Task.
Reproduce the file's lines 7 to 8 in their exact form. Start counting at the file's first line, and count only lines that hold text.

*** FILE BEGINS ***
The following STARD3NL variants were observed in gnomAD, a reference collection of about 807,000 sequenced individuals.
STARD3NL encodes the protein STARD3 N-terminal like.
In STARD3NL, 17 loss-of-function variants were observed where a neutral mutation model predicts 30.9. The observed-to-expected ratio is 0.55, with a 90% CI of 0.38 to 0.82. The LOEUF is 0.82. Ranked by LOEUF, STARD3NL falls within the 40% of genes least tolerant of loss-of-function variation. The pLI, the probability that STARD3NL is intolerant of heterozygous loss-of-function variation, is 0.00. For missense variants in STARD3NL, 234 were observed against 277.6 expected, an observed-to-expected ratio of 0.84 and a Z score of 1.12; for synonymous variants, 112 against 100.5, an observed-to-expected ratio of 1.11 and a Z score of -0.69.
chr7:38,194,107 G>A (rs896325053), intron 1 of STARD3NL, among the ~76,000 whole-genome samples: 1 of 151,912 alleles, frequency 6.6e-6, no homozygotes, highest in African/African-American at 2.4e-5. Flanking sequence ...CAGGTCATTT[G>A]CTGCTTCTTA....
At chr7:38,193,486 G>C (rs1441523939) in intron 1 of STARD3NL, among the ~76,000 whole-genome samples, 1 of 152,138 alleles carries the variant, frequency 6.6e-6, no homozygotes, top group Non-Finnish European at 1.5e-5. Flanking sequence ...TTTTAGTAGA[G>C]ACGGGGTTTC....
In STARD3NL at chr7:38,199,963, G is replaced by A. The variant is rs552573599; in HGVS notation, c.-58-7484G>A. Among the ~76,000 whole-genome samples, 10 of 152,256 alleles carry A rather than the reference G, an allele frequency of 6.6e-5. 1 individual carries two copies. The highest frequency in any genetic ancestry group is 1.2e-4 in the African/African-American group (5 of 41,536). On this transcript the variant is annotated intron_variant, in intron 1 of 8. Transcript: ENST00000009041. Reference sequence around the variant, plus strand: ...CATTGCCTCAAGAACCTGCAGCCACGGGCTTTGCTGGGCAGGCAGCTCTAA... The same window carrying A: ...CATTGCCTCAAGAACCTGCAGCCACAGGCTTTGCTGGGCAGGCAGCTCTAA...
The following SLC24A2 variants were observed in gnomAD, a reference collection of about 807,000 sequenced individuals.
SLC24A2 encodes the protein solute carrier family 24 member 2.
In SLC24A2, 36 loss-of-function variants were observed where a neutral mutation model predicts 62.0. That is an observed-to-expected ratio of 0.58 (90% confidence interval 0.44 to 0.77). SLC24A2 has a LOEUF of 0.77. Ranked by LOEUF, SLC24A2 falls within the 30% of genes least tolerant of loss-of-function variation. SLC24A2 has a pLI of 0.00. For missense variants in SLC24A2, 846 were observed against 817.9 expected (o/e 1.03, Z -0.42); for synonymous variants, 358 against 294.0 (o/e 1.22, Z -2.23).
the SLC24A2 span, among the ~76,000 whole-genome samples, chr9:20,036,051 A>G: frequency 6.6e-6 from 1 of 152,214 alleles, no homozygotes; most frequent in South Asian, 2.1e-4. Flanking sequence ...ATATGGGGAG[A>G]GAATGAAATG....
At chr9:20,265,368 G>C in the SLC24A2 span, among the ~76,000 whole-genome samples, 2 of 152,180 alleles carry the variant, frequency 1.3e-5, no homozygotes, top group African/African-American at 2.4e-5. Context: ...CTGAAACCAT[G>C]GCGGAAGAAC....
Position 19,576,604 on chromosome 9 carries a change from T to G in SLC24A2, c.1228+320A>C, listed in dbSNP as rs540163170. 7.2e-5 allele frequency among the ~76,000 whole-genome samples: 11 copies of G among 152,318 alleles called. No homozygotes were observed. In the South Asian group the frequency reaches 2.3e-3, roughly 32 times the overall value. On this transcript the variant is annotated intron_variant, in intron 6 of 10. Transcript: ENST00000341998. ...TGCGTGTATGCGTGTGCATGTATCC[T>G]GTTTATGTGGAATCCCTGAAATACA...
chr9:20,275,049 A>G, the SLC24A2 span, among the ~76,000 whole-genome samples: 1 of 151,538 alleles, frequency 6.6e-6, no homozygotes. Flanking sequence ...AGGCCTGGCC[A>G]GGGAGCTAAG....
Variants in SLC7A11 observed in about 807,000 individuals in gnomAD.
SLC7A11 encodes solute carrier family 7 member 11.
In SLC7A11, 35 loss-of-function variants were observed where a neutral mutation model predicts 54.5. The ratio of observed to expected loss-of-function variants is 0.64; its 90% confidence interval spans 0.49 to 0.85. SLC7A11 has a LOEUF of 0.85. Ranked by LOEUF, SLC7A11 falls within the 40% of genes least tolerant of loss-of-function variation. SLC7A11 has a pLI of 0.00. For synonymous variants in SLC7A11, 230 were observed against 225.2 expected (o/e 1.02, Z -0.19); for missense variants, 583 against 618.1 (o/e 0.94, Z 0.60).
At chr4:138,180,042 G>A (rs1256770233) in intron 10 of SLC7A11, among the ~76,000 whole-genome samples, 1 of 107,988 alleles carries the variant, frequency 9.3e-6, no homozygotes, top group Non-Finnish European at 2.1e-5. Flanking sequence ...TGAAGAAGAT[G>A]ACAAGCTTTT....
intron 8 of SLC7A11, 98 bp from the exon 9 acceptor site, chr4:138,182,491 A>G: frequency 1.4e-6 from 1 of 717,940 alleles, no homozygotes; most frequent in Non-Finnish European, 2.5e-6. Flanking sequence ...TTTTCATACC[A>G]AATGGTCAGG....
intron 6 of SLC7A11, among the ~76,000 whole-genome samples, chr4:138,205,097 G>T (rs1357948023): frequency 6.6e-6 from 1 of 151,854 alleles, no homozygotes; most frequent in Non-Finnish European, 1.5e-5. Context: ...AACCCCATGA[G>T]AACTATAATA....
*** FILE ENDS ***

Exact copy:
The following SLC24A2 variants were observed in gnomAD, a reference collection of about 807,000 sequenced individuals.
SLC24A2 encodes the protein solute carrier family 24 member 2.